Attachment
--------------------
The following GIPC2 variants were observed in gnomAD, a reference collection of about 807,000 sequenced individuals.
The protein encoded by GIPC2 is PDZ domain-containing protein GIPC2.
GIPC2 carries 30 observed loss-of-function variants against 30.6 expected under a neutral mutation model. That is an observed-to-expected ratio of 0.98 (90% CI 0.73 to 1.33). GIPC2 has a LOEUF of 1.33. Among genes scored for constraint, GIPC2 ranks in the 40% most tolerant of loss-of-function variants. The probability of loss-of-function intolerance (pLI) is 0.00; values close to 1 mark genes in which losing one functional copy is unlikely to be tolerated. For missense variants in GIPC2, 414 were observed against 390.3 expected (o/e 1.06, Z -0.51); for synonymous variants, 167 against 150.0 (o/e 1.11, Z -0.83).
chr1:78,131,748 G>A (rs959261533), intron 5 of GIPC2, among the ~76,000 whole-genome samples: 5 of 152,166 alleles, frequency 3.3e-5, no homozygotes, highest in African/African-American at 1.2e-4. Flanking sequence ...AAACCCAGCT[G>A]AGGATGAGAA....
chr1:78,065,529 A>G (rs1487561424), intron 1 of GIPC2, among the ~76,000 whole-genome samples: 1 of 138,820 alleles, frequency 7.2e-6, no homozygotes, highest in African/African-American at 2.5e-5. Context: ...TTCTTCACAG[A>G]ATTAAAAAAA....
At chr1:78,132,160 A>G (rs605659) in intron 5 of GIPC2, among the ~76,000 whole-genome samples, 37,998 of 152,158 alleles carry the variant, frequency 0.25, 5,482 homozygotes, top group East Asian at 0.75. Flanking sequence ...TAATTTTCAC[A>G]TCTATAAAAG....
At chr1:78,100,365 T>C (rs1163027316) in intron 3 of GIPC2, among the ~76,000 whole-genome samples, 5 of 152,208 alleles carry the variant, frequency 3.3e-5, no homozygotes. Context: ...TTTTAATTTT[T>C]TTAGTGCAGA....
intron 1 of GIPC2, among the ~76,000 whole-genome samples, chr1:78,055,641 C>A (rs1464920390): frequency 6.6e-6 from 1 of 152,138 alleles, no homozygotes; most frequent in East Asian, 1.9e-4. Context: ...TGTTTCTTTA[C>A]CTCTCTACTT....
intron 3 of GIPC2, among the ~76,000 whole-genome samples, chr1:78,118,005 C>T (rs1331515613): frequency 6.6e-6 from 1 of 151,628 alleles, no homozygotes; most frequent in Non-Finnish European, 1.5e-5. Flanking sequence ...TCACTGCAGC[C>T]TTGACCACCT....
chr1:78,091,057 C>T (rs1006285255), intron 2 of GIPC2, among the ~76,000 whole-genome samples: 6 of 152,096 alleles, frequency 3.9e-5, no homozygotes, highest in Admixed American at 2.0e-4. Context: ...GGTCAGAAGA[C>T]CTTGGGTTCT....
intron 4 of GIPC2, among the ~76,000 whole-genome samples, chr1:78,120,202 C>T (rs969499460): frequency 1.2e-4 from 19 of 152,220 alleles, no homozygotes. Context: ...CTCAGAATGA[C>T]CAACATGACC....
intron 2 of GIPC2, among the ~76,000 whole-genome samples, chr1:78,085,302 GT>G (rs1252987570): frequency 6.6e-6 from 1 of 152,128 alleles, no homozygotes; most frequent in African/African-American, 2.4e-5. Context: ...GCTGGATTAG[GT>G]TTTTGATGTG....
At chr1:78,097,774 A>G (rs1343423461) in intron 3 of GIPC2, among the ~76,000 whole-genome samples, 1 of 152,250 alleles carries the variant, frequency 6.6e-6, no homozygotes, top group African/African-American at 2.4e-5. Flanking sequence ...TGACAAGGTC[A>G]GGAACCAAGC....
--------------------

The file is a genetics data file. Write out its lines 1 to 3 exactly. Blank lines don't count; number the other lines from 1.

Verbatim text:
The following GIPC2 variants were observed in gnomAD, a reference collection of about 807,000 sequenced individuals.
The protein encoded by GIPC2 is PDZ domain-containing protein GIPC2.
GIPC2 carries 30 observed loss-of-function variants against 30.6 expected under a neutral mutation model. That is an observed-to-expected ratio of 0.98 (90% CI 0.73 to 1.33). GIPC2 has a LOEUF of 1.33. Among genes scored for constraint, GIPC2 ranks in the 40% most tolerant of loss-of-function variants. The probability of loss-of-function intolerance (pLI) is 0.00; values close to 1 mark genes in which losing one functional copy is unlikely to be tolerated. For missense variants in GIPC2, 414 were observed against 390.3 expected (o/e 1.06, Z -0.51); for synonymous variants, 167 against 150.0 (o/e 1.11, Z -0.83).